All Wedding Paths Lead To Cake (Eventually)
Well, summer is wedding season, and Midgie and I have been to a bunch this year. Not only that, but one of Midgie’s close friends is getting married, and she asked Midgie to be the maid of honor, and help a bit with the planning. This basically translates to yours truly being along for the ride as well.
Now, folks, I don’t know if you’ve ever planned a wedding, but the first thing you realize is that everyone has their own individual idea about what it is, and those ideas don’t all match. Midgie has told me a bunch of stories about how someone has told her friend that they must do this or that, and they attach so much weight to it that it sounds like the whole event will end in utter disaster if the flowers in the bouquet don’t match the ones next to the roast lamb. Everyone has weighed in: friends, family, ministers, co-workers, next-door neighbors, accountants, you name it. It seems like everyone in their joy to support such a special event is also afraid of what might not make that event special, and the horrors said bride and groom might experience.
To make things more interesting, Midgie herself has sworn off marriage, and has found herself helping to plan an event which she has her own pile of feelings about.
Now everyone, just take a chill pill and listen up. Weddings are special events, but the single-day party does not encompass or represent the relationship. Nor is it the beginning of their relationship or their commitment. They’ve already made that commitment to each other or they wouldn’t be there. It’s being celebrated for the first time in front of you. It’s your level of participation that is new, as a witness to the relationship. Since you, the witness, are entering into a new relationship with these people, then a lot of your feelings can bubble up and become crazy talk.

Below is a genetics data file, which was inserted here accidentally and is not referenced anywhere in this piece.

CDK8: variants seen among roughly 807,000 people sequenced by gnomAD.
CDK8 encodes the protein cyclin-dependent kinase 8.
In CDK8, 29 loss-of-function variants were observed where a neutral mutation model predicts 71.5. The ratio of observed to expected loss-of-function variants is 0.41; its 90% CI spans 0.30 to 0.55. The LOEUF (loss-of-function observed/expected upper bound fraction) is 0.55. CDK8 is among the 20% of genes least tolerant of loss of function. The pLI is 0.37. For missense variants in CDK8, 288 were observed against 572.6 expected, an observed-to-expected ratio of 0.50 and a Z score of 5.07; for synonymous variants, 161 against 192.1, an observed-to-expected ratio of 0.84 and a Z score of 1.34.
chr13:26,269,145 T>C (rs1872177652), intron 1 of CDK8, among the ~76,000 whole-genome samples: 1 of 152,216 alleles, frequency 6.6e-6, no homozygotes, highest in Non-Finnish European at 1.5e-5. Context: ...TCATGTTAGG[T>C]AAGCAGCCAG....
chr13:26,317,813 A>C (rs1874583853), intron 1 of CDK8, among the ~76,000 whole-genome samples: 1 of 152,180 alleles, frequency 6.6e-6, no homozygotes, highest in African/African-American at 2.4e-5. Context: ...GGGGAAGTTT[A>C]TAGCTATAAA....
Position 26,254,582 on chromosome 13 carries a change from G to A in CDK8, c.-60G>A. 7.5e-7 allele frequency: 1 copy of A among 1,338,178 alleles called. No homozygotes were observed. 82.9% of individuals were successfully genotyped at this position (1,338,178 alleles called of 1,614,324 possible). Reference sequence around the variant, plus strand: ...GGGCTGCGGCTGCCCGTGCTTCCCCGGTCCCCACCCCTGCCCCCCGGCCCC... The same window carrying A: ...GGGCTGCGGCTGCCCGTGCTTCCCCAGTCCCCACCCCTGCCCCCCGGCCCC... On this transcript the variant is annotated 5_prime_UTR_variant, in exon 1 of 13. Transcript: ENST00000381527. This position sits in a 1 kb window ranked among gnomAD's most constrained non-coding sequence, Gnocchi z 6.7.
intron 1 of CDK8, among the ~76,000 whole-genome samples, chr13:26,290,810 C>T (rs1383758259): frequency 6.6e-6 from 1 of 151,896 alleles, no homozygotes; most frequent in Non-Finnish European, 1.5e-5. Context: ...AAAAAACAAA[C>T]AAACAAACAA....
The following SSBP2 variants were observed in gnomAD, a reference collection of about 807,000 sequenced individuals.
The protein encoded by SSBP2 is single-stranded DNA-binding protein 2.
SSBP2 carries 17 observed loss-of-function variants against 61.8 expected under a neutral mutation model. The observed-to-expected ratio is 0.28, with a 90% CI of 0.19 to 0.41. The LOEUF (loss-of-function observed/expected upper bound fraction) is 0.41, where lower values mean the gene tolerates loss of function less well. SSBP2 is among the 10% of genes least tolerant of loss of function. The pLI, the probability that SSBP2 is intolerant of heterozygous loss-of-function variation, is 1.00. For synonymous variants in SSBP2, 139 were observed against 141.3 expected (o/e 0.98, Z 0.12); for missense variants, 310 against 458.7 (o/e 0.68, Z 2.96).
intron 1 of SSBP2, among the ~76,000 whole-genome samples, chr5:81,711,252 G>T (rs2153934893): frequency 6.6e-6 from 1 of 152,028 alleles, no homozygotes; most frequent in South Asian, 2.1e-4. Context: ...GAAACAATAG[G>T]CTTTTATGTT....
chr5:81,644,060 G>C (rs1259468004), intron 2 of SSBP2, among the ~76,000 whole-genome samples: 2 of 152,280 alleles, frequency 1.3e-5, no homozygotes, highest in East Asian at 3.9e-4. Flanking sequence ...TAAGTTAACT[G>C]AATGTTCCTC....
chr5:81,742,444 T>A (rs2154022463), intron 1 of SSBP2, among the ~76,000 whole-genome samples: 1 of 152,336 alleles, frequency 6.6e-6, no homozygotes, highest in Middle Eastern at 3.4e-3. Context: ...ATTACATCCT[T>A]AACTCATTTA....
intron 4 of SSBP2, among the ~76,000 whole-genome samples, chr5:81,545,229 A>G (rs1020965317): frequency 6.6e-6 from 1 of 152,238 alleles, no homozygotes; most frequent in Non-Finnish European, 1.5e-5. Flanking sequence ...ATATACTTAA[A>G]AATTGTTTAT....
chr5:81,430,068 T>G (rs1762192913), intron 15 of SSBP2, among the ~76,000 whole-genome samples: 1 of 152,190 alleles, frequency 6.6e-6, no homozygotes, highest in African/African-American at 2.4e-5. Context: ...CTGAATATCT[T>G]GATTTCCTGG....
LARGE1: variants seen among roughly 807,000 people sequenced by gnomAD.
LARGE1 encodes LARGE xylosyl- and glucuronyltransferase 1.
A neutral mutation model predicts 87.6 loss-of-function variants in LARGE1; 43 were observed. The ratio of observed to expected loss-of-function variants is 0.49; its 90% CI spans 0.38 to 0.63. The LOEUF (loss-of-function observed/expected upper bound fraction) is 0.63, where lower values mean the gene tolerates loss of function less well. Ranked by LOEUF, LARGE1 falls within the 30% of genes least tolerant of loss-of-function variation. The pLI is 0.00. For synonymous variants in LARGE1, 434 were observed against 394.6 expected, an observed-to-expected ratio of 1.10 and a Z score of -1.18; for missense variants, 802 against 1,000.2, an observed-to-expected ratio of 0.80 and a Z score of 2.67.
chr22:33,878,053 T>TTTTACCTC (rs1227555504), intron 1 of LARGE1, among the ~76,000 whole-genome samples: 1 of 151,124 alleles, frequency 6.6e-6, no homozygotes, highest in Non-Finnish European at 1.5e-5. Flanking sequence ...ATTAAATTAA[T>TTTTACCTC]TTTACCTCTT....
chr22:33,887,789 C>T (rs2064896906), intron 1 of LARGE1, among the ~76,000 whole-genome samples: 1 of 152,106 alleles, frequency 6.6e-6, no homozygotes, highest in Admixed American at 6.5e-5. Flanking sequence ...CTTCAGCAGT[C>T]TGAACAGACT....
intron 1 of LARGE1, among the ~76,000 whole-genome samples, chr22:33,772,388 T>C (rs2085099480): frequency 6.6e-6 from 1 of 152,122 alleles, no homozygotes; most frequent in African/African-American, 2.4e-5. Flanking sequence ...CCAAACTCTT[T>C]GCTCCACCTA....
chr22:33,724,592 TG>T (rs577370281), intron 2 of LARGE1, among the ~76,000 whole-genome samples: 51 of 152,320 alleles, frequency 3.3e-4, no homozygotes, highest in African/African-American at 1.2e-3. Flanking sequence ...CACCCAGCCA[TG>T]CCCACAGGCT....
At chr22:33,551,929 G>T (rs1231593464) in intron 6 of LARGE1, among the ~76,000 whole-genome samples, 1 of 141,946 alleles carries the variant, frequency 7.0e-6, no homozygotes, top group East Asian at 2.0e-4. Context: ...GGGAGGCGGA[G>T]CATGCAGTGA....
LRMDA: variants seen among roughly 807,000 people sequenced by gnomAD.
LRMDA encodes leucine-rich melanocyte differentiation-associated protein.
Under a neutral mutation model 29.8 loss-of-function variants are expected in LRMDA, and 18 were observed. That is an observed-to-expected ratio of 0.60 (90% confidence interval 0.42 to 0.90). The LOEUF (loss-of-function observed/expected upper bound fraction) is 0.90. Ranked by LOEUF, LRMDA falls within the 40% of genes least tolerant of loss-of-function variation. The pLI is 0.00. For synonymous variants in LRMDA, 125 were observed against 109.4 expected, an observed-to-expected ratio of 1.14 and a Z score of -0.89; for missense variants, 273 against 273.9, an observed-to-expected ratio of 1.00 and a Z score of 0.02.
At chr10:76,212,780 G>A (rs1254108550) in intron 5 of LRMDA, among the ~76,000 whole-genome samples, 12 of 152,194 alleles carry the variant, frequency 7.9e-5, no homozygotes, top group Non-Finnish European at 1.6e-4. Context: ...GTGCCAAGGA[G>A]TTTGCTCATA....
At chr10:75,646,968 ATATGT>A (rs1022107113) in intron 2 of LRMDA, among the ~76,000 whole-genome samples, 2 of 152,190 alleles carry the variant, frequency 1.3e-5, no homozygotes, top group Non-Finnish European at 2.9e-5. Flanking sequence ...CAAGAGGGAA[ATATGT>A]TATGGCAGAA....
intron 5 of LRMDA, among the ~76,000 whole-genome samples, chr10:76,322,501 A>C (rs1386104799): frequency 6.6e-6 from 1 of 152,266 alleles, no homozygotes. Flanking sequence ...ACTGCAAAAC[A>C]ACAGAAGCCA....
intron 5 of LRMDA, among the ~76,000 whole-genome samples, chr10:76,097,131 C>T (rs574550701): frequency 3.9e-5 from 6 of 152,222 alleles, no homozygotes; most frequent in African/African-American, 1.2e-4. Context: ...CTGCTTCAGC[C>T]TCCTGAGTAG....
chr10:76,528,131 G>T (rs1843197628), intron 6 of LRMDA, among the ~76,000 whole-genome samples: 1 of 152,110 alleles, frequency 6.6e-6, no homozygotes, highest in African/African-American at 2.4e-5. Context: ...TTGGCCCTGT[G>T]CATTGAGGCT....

Of course, as we know, the craziness can extend to the bride and groom, creating bride- and groom-zillas. One day recently, after I calmed down an exasperated Midgie, who had just calmed down an exasperated bride-to-be, I said, “The reason people turn crazy at new beginnings is the fear of choice.”
“What do you mean?” said a naked and satisfied Midgie.
“It’s like this,” I said. “When we make choices that create big life changes, we end up in unexplored territory. Our fear is that we’ll lose our footing and our ability to change direction of our hot air balloon, if needed, will be limited. We worry about setting our ship on a trajectory that will leave us adrift and without sail. But the amount of choice and free will never changes; it’s only a difference in the terrain under our donkey.”
Midgie thought about this for a while, and seemed to relax even more as the cool evening air evaporated the sweat from her skin. After a moment, she said, “Do you want to get married?”
Unfortunately, just then I remembered an important email I needed to write, so the conversation had to end there. In the end, I know Midgie and her friends will plan a wonderful event, and come rain or shine, the day will be lovely. It’s a party after all, and the important part of this wedding that I’m about to go to is that I’m there for me, first, out of my own free will, and to eat some delicious cake. And, if they don’t serve cake or do some sort of healthy hippie thing, I can make a different choice and adjust my path. A path away from cake, you see, may still be the path to ultimate satisfaction.
…Or some weird hippie thing, we’ll see.
Just My Thoughts,